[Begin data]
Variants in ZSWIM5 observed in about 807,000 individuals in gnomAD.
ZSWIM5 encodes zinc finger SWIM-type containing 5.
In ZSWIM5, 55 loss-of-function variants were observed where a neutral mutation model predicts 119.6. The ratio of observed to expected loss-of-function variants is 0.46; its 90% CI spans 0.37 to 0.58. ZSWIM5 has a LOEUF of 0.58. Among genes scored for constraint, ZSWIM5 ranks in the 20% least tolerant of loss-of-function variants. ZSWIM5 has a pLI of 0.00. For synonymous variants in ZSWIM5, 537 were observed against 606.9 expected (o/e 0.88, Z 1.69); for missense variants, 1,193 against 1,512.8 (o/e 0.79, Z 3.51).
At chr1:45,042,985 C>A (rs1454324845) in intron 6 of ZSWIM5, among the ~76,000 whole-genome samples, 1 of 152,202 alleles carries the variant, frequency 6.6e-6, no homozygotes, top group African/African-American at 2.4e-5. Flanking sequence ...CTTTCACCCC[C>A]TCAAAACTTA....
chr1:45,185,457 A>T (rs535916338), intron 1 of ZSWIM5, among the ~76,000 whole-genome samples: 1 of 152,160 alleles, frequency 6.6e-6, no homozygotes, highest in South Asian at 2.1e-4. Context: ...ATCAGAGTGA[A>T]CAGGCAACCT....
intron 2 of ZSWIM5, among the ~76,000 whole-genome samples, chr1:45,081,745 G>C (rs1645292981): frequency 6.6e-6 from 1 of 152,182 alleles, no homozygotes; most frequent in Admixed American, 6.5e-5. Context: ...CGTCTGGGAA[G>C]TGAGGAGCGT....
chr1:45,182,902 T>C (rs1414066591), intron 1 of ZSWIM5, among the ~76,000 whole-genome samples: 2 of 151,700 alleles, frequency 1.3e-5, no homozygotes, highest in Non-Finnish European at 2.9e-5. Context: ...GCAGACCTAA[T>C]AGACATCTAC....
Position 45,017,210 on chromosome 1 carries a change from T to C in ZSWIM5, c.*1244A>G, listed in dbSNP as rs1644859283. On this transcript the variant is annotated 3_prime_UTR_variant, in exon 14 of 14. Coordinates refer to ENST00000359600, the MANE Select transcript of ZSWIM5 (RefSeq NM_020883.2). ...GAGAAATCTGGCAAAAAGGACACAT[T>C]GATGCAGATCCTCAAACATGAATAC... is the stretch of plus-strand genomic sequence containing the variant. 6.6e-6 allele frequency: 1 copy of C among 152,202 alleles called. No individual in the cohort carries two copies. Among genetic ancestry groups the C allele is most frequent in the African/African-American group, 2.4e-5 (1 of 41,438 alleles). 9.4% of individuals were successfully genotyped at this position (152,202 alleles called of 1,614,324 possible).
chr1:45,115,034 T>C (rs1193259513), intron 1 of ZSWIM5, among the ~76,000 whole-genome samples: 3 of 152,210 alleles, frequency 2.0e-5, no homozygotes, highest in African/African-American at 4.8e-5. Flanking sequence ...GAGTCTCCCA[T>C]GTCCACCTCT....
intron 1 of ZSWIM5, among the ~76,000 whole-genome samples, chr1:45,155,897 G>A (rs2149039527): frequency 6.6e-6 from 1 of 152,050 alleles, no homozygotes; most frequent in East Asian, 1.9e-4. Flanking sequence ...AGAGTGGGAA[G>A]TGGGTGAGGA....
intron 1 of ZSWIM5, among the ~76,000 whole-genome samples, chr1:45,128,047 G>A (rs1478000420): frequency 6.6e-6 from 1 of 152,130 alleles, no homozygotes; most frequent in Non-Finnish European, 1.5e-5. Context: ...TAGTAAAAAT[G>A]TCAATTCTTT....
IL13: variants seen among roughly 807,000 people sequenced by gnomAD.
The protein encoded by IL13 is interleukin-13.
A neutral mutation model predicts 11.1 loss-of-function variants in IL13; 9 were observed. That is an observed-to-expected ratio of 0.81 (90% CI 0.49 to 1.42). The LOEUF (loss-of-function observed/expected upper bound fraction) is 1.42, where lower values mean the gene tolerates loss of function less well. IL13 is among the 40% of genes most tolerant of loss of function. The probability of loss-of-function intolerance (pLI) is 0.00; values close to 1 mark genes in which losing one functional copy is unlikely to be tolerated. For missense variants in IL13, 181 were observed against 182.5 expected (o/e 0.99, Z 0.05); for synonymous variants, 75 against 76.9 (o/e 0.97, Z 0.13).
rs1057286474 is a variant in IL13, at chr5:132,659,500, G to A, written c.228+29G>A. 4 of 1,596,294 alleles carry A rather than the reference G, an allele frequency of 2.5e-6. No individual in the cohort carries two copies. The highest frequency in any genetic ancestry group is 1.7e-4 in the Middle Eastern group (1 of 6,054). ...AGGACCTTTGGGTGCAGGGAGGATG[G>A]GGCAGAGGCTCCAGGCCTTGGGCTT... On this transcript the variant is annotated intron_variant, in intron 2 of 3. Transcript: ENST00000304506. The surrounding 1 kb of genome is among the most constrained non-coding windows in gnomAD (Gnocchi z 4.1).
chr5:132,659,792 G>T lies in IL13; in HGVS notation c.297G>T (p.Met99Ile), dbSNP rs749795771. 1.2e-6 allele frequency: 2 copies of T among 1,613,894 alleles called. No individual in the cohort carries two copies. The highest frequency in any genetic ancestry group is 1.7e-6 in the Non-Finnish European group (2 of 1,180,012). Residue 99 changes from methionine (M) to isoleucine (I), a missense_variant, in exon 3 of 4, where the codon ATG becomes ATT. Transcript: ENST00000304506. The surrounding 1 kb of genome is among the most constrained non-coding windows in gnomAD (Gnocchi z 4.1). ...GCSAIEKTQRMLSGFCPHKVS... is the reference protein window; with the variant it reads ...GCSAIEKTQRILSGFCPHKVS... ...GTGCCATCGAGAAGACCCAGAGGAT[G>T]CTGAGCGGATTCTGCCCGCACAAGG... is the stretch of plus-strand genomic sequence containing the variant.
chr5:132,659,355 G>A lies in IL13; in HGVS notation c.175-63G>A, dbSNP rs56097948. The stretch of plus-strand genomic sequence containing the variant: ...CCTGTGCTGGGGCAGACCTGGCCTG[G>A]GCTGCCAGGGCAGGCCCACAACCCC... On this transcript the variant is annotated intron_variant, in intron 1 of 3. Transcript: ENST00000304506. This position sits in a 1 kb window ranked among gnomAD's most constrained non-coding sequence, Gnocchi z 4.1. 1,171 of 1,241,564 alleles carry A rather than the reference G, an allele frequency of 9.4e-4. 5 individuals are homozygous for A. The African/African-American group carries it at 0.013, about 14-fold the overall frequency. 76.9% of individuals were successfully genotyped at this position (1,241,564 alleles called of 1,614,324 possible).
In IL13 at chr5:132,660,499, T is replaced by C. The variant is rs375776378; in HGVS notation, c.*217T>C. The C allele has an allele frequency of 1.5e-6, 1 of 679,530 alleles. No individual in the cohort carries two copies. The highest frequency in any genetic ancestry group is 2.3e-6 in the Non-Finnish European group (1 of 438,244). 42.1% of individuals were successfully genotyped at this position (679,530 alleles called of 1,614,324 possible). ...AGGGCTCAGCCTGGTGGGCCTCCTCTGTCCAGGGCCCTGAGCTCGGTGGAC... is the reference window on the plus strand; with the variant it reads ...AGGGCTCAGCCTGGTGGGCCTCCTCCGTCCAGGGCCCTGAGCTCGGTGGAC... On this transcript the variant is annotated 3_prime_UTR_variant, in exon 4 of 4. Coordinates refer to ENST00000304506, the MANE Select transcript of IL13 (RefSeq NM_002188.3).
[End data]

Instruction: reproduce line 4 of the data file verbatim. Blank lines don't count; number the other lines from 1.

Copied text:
At chr1:45,042,985 C>A (rs1454324845) in intron 6 of ZSWIM5, among the ~76,000 whole-genome samples, 1 of 152,202 alleles carries the variant, frequency 6.6e-6, no homozygotes, top group African/African-American at 2.4e-5. Flanking sequence ...CTTTCACCCC[C>A]TCAAAACTTA....